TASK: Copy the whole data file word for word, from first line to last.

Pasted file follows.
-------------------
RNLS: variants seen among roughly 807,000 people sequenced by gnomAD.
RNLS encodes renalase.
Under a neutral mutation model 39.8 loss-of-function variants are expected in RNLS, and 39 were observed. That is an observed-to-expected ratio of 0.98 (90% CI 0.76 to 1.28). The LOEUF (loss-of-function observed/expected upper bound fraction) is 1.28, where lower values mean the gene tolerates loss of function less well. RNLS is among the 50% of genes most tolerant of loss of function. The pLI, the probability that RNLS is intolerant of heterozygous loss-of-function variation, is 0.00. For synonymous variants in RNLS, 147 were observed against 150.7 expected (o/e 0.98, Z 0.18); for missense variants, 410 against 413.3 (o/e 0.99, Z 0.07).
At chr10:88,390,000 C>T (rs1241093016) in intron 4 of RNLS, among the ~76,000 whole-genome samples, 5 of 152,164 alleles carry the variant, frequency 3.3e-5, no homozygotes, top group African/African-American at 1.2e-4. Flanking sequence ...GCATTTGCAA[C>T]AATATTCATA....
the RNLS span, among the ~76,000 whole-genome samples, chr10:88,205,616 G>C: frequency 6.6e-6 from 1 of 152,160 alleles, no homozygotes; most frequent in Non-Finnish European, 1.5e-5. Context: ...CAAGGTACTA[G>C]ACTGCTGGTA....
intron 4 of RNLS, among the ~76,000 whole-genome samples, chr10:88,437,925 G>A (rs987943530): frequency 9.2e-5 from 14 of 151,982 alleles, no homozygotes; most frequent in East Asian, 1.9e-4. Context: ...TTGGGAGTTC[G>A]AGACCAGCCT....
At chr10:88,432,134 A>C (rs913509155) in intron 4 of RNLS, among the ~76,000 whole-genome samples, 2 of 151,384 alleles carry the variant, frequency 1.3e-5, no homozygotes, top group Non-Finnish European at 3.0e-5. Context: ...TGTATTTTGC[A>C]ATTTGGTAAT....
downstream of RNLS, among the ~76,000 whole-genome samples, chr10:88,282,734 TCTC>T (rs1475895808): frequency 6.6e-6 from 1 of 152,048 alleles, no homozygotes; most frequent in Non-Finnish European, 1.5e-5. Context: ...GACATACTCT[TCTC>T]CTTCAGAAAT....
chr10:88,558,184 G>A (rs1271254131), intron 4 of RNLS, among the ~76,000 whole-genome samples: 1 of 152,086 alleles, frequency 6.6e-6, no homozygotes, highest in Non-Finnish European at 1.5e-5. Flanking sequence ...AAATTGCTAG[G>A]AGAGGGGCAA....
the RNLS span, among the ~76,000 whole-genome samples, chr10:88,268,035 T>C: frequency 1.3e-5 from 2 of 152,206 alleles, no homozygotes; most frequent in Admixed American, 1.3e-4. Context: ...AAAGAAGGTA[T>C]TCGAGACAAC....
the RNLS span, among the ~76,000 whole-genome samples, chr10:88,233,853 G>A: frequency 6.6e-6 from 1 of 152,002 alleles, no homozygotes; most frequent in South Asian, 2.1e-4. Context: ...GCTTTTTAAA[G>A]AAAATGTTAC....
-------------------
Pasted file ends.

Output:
RNLS: variants seen among roughly 807,000 people sequenced by gnomAD.
RNLS encodes renalase.
Under a neutral mutation model 39.8 loss-of-function variants are expected in RNLS, and 39 were observed. That is an observed-to-expected ratio of 0.98 (90% CI 0.76 to 1.28). The LOEUF (loss-of-function observed/expected upper bound fraction) is 1.28, where lower values mean the gene tolerates loss of function less well. RNLS is among the 50% of genes most tolerant of loss of function. The pLI, the probability that RNLS is intolerant of heterozygous loss-of-function variation, is 0.00. For synonymous variants in RNLS, 147 were observed against 150.7 expected (o/e 0.98, Z 0.18); for missense variants, 410 against 413.3 (o/e 0.99, Z 0.07).
At chr10:88,390,000 C>T (rs1241093016) in intron 4 of RNLS, among the ~76,000 whole-genome samples, 5 of 152,164 alleles carry the variant, frequency 3.3e-5, no homozygotes, top group African/African-American at 1.2e-4. Flanking sequence ...GCATTTGCAA[C>T]AATATTCATA....
the RNLS span, among the ~76,000 whole-genome samples, chr10:88,205,616 G>C: frequency 6.6e-6 from 1 of 152,160 alleles, no homozygotes; most frequent in Non-Finnish European, 1.5e-5. Context: ...CAAGGTACTA[G>C]ACTGCTGGTA....
intron 4 of RNLS, among the ~76,000 whole-genome samples, chr10:88,437,925 G>A (rs987943530): frequency 9.2e-5 from 14 of 151,982 alleles, no homozygotes; most frequent in East Asian, 1.9e-4. Context: ...TTGGGAGTTC[G>A]AGACCAGCCT....
At chr10:88,432,134 A>C (rs913509155) in intron 4 of RNLS, among the ~76,000 whole-genome samples, 2 of 151,384 alleles carry the variant, frequency 1.3e-5, no homozygotes, top group Non-Finnish European at 3.0e-5. Context: ...TGTATTTTGC[A>C]ATTTGGTAAT....
downstream of RNLS, among the ~76,000 whole-genome samples, chr10:88,282,734 TCTC>T (rs1475895808): frequency 6.6e-6 from 1 of 152,048 alleles, no homozygotes; most frequent in Non-Finnish European, 1.5e-5. Context: ...GACATACTCT[TCTC>T]CTTCAGAAAT....
chr10:88,558,184 G>A (rs1271254131), intron 4 of RNLS, among the ~76,000 whole-genome samples: 1 of 152,086 alleles, frequency 6.6e-6, no homozygotes, highest in Non-Finnish European at 1.5e-5. Flanking sequence ...AAATTGCTAG[G>A]AGAGGGGCAA....
the RNLS span, among the ~76,000 whole-genome samples, chr10:88,268,035 T>C: frequency 1.3e-5 from 2 of 152,206 alleles, no homozygotes; most frequent in Admixed American, 1.3e-4. Context: ...AAAGAAGGTA[T>C]TCGAGACAAC....
the RNLS span, among the ~76,000 whole-genome samples, chr10:88,233,853 G>A: frequency 6.6e-6 from 1 of 152,002 alleles, no homozygotes; most frequent in South Asian, 2.1e-4. Context: ...GCTTTTTAAA[G>A]AAAATGTTAC....